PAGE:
Wazir Mohammad who turned 90 on December 22 is the oldest living Pakistani Test cricketer. He is better known as the eldest of the four brothers to play Test cricket- a unique achievement. For good measure, their fifth brother narrowly missed the distinction; was once a 12th man.
His Test record-801 runs at an average of 27.62 in 20 Tests- might not be impressive statistically. But he made an immense contribution in Pakistan’s memorable Test wins of early days.
Of them, the victory at the 1954 Oval Test is the most talked about to this day. Pakistan became the first country to win a Test match in England in the first-ever tour of the mother country. It was a low scoring game. In the second innings, Pakistan were 82/8 and only 85 runs ahead.
In partnerships with the last two batsmen, Wazir managed to double the score. Chasing 168, England were all out for 143. In fact, this match-winning innings of 42 not out was Pakistan’s highest in that historic Test.
In Pakistan’s first-ever Test against Australia in 1956, Wazir joined skipper Kardar with Pakistan tottering at 70 for 5. He scored 67 and this partnership of 104 out of a total of 199 was the highest of the match and played a pivotal role in Pakistan’s success.
Next, in the West Indies, his great knock of 189 not out in the fifth Test was the only century of the match. Once again, Pakistan had it maiden Test win against the West Indies.
Thus, in all the first successes against the three biggest cricketing powers of the day, Wazir’s role is unforgettable.
Living a retired life in a leafy suburb of Birmingham in England’s midlands, Wazir is quite sprightly for his age.
On the 1957-58 tour of the West Indies, Hanif (628), and I (440) had a combined aggregate of 1068 runs in the Tests. It was the first time two brothers had amassed a total of 1000 runs in a Test series.
-He tells it all started at home in Junagadh (in India).
“My father was good club cricketer but mother was a great influence. She was a sportswoman. Badminton and carom were her favourite sports and she won quite a few local tournaments.”
-Pointing to the ball hanging to the tree in his garden, Wazir talks about his first lesson.
‘There was a school ground in front of our house. On the sidelines of that ground, the school team had a ball hanging to a tree for batting practice. Unless one plays with a straight bat and hit the ball with the middle, the hanging ball wouldn’t come back to you. I passed this lesson to the younger member s of my family”.
I and brother Raees played for our school Mohabat Madrassa which had an intense rivalry with Bahadur Khan high school. We often played them in final of the schools tournament. There used to be a holiday in both the schools and boys thronged the ground. Playing is such a pressure atmosphere later helped me.”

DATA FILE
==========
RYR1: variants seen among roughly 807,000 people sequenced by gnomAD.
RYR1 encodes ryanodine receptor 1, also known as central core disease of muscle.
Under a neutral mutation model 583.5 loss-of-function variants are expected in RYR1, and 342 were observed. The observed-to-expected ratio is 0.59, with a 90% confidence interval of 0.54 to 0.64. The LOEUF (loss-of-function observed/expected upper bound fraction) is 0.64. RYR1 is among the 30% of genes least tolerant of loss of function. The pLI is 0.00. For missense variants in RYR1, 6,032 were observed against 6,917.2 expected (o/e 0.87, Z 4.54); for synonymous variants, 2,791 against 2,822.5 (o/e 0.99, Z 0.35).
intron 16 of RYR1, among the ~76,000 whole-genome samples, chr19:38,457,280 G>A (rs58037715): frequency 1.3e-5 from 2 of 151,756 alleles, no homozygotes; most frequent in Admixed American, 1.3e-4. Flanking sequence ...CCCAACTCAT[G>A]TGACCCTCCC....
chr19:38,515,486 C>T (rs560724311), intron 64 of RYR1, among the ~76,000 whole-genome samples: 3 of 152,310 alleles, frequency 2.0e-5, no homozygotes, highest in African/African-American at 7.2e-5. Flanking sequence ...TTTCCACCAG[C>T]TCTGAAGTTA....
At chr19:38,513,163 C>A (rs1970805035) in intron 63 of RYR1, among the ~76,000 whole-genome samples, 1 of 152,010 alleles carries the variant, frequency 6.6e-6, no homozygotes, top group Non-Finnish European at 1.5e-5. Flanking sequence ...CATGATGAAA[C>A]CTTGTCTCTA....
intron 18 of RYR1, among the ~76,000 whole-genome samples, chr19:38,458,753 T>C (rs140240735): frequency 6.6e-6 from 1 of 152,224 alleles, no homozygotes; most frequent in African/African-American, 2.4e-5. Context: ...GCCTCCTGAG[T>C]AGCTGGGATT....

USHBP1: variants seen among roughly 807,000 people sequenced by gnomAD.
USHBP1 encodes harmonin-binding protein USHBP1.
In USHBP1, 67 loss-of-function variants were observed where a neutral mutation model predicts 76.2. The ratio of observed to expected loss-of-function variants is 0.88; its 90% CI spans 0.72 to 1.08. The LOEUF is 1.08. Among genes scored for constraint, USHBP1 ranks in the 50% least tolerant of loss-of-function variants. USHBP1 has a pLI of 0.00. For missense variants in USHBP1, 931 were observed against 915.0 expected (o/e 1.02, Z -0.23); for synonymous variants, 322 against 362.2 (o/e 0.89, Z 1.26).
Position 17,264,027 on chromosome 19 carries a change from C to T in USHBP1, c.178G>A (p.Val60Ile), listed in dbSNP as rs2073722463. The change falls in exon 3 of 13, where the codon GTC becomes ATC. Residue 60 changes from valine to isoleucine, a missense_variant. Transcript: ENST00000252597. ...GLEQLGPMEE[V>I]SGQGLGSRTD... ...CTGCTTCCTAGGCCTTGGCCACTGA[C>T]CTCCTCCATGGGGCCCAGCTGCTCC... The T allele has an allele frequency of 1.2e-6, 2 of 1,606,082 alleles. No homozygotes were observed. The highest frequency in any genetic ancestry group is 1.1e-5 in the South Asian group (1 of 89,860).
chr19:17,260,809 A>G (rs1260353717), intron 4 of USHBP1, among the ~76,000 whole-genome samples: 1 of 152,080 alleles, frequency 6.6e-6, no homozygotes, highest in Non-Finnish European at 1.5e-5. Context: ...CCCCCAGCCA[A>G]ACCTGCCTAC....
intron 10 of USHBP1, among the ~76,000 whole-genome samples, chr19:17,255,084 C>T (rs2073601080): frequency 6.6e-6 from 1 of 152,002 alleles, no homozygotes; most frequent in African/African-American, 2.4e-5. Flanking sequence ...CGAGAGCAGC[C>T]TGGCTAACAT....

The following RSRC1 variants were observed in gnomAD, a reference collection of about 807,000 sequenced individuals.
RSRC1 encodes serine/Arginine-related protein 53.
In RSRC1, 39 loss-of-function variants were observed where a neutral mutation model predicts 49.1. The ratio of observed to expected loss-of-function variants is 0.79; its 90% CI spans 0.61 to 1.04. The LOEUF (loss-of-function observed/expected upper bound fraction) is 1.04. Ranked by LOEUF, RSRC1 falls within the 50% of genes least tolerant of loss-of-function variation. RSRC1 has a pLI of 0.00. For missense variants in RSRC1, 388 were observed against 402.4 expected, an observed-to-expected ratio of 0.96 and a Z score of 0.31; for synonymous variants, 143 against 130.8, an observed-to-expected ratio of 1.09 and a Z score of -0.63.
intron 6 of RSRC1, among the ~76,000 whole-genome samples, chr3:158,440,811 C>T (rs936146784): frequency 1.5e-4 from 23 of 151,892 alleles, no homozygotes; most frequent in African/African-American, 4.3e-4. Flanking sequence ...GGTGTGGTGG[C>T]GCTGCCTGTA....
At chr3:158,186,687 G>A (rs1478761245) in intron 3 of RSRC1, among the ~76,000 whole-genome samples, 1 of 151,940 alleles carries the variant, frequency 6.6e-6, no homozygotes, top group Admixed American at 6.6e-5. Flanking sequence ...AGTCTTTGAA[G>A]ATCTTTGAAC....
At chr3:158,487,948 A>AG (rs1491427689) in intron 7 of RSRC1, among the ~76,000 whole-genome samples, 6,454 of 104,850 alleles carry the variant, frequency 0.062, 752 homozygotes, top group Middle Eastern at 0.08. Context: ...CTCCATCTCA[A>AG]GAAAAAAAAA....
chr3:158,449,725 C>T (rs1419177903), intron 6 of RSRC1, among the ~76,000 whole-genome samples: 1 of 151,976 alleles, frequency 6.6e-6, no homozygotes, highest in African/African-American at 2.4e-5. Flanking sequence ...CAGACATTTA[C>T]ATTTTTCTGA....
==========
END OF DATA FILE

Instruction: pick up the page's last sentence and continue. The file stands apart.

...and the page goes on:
-He was only 17 and the youngest Sadiq only two when the family got uprooted in1947 and resettled in Karachi, the then capital of the newly created country Pakistan.
“In Karachi, we initially lived in a big hall of a vacant Hindu temple for many years. The eldest two, I and Raees, worked in a bank to support the family.
For cricket, it was Jahangir Park. Around a dozen clubs had their nets there. I joined Pak Mughal. All the test cricketers of the city during that period emerged from Jahangir Park.
-The talented brothers soon made strides.
“Interestingly, Raees, younger to me by three years, was the first to play first-class cricket in 1948-49. I entered the next season while Hanif debuted in 1951-52.
In a couple of years, Quaid-e-Azam trophy was launched and first-class cricket in Pakistan got on a sound footing. Karachi used to have two and sometimes three teams in the Quaid-i-Azam trophy. Quite a few times, we brothers played for the opposing teams and the atmosphere at the home got tense- more so when two among us captained the sides.”
Pakistan’s first-ever Test tour was that of India in 1952-53. Wazir and Hanif were in that side. Hanif played in his country’s inaugural Test match, elder brother had to wait.
“We had just one match, vs North Zone before the first two Tests. I wasn’t played in that first-class match and therefore not considered for the two Tests. Before the third test, there were three first-class games. I scored 45, 7 not out, 104 not out and 30 in the four innings I batted. My century against the West Zone came against Nyalchand whom Sir Frank Worrell called the king of matting and Jasu Patel whose figures of 9 for 69 against Australia a few years later remained Indian test record for 40 years. Pakistan had tied the series 1-1 and there was an atmosphere of excitement and tension all around us before the third Test; I had a sleepless night before my debut Test.”